Wednesday, November 21, 2018

On the Entrance of the Theotokos into the Temple (St. Gregory of Nyssa)


By St. Gregory of Nyssa

Now, provided we do not digress too far from our subject, it is perhaps not inopportune to adduce Zacharias, who was slain between the temple and the altar, as a witness to the incorruption of the Mother of God. This Zacharias was a priest; and not only was he a priest, but he was also endowed with the gift of prophecy, his power of prophecy being declared expressly in the Book of the Gospel. When the Grace of God was preparing the way for men not to think that birth from a Virgin is incredible, it set the stage for the assent of unbelievers by means of lesser miracles: a child was born of a barren woman advanced in years. This was a prelude to the miracle of the Virgin Birth. For, just as Elizabeth became a mother not by the power of nature—for she had grown old in barrenness—but the birth of her child is ascribed to the Will of God; so also, the incredibility of a virginal parturition gains credibility with reference to the Divine.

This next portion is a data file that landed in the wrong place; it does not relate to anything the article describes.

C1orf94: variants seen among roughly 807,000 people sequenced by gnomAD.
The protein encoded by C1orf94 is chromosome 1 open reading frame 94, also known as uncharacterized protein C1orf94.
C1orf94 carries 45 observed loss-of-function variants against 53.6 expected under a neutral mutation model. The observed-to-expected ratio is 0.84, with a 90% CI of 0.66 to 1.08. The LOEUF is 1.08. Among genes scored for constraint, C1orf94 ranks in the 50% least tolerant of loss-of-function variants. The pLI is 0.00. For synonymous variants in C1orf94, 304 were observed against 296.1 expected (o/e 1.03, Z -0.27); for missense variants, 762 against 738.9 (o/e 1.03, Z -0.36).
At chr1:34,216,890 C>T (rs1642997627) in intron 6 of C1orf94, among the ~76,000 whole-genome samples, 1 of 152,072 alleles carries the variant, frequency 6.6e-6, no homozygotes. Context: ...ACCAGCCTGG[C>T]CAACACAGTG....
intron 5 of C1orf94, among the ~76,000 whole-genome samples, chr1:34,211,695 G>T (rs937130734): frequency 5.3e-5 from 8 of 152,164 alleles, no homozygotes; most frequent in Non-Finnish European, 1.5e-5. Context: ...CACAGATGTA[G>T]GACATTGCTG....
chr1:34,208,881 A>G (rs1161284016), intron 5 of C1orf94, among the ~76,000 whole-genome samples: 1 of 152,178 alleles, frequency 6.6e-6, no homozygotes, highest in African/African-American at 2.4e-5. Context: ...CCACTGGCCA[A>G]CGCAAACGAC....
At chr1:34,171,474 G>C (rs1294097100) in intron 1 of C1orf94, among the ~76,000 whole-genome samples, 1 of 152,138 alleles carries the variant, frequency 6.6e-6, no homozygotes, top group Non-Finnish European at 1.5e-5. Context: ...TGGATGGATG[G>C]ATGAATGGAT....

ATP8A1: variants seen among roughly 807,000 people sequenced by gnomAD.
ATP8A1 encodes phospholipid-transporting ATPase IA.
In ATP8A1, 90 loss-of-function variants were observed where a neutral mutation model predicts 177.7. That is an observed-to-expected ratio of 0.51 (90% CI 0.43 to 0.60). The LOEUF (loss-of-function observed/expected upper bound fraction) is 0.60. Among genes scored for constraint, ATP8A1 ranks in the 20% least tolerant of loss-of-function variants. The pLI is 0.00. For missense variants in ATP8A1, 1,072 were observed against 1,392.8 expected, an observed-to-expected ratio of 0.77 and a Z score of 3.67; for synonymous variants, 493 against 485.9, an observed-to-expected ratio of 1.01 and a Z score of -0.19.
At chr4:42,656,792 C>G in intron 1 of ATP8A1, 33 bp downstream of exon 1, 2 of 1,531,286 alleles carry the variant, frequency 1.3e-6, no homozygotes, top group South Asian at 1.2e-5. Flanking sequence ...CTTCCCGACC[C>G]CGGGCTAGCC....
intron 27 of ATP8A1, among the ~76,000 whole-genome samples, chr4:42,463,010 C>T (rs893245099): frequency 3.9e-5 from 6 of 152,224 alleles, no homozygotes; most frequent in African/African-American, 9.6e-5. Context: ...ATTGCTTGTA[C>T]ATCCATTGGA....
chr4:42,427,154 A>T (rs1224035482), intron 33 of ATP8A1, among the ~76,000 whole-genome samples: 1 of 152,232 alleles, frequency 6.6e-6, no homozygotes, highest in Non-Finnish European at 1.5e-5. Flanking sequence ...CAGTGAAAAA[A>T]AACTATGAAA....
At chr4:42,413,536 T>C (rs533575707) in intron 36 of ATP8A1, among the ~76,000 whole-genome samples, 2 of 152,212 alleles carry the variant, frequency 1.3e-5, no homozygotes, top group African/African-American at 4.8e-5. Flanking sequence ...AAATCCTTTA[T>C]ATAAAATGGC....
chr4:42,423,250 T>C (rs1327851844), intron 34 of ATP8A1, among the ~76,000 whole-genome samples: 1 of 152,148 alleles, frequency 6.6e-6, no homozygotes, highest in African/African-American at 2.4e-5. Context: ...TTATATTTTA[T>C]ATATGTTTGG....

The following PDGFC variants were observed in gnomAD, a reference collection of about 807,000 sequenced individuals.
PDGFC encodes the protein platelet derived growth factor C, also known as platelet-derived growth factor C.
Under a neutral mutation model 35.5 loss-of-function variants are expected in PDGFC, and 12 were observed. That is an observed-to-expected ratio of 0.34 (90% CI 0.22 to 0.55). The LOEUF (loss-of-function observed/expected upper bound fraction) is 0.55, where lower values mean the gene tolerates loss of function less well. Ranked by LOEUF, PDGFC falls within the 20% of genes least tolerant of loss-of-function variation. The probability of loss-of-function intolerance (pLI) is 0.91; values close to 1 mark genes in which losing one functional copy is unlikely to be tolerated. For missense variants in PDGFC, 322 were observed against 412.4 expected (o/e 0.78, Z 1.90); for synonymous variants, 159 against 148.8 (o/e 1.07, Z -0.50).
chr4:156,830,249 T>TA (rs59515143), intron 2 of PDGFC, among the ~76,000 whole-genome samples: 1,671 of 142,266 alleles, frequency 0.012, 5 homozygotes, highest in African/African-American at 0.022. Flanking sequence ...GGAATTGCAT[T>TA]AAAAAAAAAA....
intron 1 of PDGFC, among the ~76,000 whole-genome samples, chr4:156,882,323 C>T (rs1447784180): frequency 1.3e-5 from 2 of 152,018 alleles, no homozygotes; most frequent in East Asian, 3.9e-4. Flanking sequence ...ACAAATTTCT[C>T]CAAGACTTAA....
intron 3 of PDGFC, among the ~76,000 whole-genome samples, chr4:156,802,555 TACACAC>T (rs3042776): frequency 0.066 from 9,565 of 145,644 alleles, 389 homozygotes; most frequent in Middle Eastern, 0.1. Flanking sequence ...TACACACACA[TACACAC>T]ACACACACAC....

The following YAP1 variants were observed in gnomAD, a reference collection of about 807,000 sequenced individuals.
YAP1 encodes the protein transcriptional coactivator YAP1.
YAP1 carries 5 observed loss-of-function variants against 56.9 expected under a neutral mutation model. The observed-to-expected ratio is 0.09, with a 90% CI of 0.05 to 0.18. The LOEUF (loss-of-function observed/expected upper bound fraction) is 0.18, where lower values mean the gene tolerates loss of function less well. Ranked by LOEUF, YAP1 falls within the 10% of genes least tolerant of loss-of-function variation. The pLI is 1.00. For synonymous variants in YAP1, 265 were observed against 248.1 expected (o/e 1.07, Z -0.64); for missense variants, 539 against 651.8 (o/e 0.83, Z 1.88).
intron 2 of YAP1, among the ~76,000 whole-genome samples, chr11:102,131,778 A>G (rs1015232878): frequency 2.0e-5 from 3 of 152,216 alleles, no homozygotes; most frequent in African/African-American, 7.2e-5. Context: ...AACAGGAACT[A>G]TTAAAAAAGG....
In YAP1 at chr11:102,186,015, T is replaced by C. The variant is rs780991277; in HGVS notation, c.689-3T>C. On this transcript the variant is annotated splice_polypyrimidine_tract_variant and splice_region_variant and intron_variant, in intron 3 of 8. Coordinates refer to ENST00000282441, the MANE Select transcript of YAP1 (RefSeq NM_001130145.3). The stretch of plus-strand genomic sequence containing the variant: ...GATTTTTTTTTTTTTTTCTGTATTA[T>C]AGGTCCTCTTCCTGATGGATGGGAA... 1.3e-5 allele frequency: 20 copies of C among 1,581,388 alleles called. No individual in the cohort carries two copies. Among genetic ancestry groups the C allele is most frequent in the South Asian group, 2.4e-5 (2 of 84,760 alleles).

Since, therefore, he who was born of the barren woman preceded Him Who was born of the Virgin, and, in response to the salutation of her who was carrying the Lord, leaped in his mother’s womb before he saw the light of day, as soon as the Forerunner of the Word was born, the silence of Zacharias was thereupon loosed by prophetic inspiration. All that Zacharias recounted was a prophecy of the future. Therefore, guided to the knowledge of hidden things by the spirit of prophecy, and perceiving the mystery of virginity in the incorrupt birth, he did not exclude the unwedded Mother from that place in the Temple allotted by the Law to virgins, thereby teaching the Jews that the Creator of existing things and King of all creation has human nature subject to Himself, along with everything else, guiding it by His own Will as He sees fit, not being Himself mastered by it, so that it is in His power to create a new birth, which will not prevent her who has become a mother from remaining a virgin. For this reason, he did not exclude her, in the Temple, from the place of the virgins; this place was the space between the Temple and the altar. When the Jews heard that the King of creation, by Divine OEconomy, was about to undergo human birth, fearing lest they become subject to a king, they murdered the priest who bore witness to this birth as he was serving at the altar itself.